Monday, February 9, 2009

A-Rod and Citicorp

So Alex Rodriguez, the Yankee’s star-crossed superstar, has admitted that he took steroids earlier in the decade, but not since early 2003, and not since coming to the Yankees. Well, the old biddies of the sports pages will cluck about nothing else for weeks, and whatever it is that swirls around him will continue to swirl around him for much of the season, and the Yankees, and their horrible new stadium (the house that Ruth didn’t build, though, to say something in its favor, unlike the Mets new stadium, it is not named after a major recipient of bailout money from the TARP stadium.)

This, I guess, gets to the point of this post. Who should we be madder at, A-Rod or Citicorp?
And who will we be madder at? (A-Rod, of course.) What the baseball steroid scandals and the Wall Street horrors have in common is a lax regulatory structure that encouraged every participant to think that everyone else was trying to get something over on them. This is the free market; you assume everyone else is a cheat and cutthroat, and that the only way to get ahead is to be as devious as the next fellow. This is why baseball players bulked up on steroids, and our investment houses bulked up on worthless mortgage derivatives. From the schoolyard to the locker room to the trading floor, there is no argument more powerful than—hey, they’re all doing it, why are you picking on me? (And don’t be a snitch.)

I have a lot more sympathy for the roided up ball players than the Wall Street firms. We should recognize that in baseball in the early 21st century it became very difficult for those seeking a competitive edge not to engage in steriodical activities. No one really cares if you play by unwritten rules. In the end, the moral outrage at our ballplayers will be more fervently felt, and longer lasting, than our outrage at our bankers. We are mad at our bankers because they failed, struck out like Mighty Casey, not because they cheated. When, as eventually will happen, the economy will turn around, all, or almost all will be forgotten. Part of this is of course that we understand baseball, and really don’t understand banking. And part of the problem is that we have forgotten how to be angry at capitalists in productive ways.. Melvin Urofsky recommended in the Times the other day that we all re-read Louis Brandeis’s “Other People’s Money,” to regain a sense of moral indignation. I think it is a great idea, and we need to remember how it was possible for a relatively conservative Democratic president (Woody Wilson) to name to the Supreme Court a jurist best known for attacking our financial system.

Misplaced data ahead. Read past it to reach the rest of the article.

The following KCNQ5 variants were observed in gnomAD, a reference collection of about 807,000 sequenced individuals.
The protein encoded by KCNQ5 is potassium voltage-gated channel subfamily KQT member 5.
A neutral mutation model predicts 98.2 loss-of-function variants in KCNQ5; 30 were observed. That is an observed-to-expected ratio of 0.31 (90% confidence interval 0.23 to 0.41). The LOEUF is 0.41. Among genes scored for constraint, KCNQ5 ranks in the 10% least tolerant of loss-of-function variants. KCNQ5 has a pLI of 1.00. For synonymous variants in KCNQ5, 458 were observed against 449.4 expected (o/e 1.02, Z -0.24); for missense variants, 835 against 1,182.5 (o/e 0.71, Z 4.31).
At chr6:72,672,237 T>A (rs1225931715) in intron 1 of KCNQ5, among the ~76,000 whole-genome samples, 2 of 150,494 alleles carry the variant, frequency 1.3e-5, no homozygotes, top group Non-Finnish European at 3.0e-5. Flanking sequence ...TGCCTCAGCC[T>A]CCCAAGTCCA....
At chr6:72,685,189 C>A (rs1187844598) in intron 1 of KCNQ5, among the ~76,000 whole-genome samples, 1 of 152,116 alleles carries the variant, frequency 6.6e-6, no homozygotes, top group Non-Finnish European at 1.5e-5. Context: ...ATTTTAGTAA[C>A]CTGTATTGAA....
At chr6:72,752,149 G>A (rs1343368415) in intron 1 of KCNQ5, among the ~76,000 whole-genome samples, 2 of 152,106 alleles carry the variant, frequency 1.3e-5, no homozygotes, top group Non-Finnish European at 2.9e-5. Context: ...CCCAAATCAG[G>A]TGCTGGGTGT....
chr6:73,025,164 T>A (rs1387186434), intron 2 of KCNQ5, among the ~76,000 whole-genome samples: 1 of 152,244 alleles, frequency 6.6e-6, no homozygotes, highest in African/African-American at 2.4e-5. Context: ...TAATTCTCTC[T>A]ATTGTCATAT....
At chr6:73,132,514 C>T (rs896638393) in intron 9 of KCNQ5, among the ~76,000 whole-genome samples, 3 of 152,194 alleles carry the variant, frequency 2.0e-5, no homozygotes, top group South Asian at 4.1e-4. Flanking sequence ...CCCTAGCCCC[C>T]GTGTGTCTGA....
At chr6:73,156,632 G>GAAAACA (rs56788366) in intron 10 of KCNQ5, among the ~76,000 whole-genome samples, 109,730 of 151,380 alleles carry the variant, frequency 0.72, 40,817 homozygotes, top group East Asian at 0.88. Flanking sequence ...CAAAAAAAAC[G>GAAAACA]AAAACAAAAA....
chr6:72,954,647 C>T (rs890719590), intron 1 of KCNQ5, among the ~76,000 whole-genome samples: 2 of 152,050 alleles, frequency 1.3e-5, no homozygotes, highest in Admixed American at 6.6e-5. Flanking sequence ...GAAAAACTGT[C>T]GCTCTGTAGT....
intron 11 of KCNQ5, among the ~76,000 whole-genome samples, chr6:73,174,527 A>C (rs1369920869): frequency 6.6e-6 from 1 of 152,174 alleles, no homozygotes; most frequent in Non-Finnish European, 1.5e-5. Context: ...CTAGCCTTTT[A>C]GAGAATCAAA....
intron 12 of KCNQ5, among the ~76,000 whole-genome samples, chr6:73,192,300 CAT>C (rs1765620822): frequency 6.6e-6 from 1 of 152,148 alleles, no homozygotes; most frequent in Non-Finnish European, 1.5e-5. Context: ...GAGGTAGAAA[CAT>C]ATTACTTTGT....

We can imagine a baseball world without A-Rod, but most of us can’t imagine a financial system without Citicorp or its facsimiles, so we accept it. In any event, when A-Rod gets booed in the New Yankee Stadium, and when the Mets take the field in the grotesquely named CitiField, there will be no joy in Mudville.

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